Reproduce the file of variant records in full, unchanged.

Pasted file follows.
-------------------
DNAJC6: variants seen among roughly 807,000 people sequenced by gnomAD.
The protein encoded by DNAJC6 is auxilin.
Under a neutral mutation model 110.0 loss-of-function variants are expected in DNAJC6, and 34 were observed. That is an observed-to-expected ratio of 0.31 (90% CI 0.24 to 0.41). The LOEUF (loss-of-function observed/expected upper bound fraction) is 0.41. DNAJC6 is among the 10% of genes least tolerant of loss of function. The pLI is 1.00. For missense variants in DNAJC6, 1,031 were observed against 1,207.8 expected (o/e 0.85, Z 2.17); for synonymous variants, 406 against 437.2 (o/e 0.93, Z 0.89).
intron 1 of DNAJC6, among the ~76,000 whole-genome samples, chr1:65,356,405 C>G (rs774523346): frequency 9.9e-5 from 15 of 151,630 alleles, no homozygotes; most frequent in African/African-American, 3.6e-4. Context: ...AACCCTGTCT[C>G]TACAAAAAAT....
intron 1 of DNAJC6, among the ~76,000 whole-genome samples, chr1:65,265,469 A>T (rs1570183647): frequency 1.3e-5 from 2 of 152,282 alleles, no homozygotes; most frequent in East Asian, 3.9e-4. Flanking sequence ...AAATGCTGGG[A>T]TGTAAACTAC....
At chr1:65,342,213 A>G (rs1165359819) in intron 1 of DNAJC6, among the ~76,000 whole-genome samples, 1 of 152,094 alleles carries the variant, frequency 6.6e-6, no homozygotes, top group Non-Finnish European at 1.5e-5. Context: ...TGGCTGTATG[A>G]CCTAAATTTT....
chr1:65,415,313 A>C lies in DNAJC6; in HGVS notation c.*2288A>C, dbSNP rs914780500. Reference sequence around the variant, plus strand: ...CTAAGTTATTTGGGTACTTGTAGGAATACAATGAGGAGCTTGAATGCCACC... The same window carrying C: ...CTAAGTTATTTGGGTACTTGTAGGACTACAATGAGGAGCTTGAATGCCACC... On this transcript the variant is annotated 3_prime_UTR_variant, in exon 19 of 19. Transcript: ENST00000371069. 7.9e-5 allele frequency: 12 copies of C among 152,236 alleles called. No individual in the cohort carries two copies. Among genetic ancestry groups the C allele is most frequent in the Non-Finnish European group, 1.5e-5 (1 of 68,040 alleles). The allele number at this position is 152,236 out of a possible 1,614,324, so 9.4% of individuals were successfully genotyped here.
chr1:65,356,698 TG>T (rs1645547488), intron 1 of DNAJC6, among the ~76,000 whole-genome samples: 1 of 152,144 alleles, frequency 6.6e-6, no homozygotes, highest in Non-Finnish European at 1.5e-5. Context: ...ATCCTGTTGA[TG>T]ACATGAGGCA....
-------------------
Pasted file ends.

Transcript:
DNAJC6: variants seen among roughly 807,000 people sequenced by gnomAD.
The protein encoded by DNAJC6 is auxilin.
Under a neutral mutation model 110.0 loss-of-function variants are expected in DNAJC6, and 34 were observed. That is an observed-to-expected ratio of 0.31 (90% CI 0.24 to 0.41). The LOEUF (loss-of-function observed/expected upper bound fraction) is 0.41. DNAJC6 is among the 10% of genes least tolerant of loss of function. The pLI is 1.00. For missense variants in DNAJC6, 1,031 were observed against 1,207.8 expected (o/e 0.85, Z 2.17); for synonymous variants, 406 against 437.2 (o/e 0.93, Z 0.89).
intron 1 of DNAJC6, among the ~76,000 whole-genome samples, chr1:65,356,405 C>G (rs774523346): frequency 9.9e-5 from 15 of 151,630 alleles, no homozygotes; most frequent in African/African-American, 3.6e-4. Context: ...AACCCTGTCT[C>G]TACAAAAAAT....
intron 1 of DNAJC6, among the ~76,000 whole-genome samples, chr1:65,265,469 A>T (rs1570183647): frequency 1.3e-5 from 2 of 152,282 alleles, no homozygotes; most frequent in East Asian, 3.9e-4. Flanking sequence ...AAATGCTGGG[A>T]TGTAAACTAC....
At chr1:65,342,213 A>G (rs1165359819) in intron 1 of DNAJC6, among the ~76,000 whole-genome samples, 1 of 152,094 alleles carries the variant, frequency 6.6e-6, no homozygotes, top group Non-Finnish European at 1.5e-5. Context: ...TGGCTGTATG[A>G]CCTAAATTTT....
chr1:65,415,313 A>C lies in DNAJC6; in HGVS notation c.*2288A>C, dbSNP rs914780500. Reference sequence around the variant, plus strand: ...CTAAGTTATTTGGGTACTTGTAGGAATACAATGAGGAGCTTGAATGCCACC... The same window carrying C: ...CTAAGTTATTTGGGTACTTGTAGGACTACAATGAGGAGCTTGAATGCCACC... On this transcript the variant is annotated 3_prime_UTR_variant, in exon 19 of 19. Transcript: ENST00000371069. 7.9e-5 allele frequency: 12 copies of C among 152,236 alleles called. No individual in the cohort carries two copies. Among genetic ancestry groups the C allele is most frequent in the Non-Finnish European group, 1.5e-5 (1 of 68,040 alleles). The allele number at this position is 152,236 out of a possible 1,614,324, so 9.4% of individuals were successfully genotyped here.
chr1:65,356,698 TG>T (rs1645547488), intron 1 of DNAJC6, among the ~76,000 whole-genome samples: 1 of 152,144 alleles, frequency 6.6e-6, no homozygotes, highest in Non-Finnish European at 1.5e-5. Context: ...ATCCTGTTGA[TG>T]ACATGAGGCA....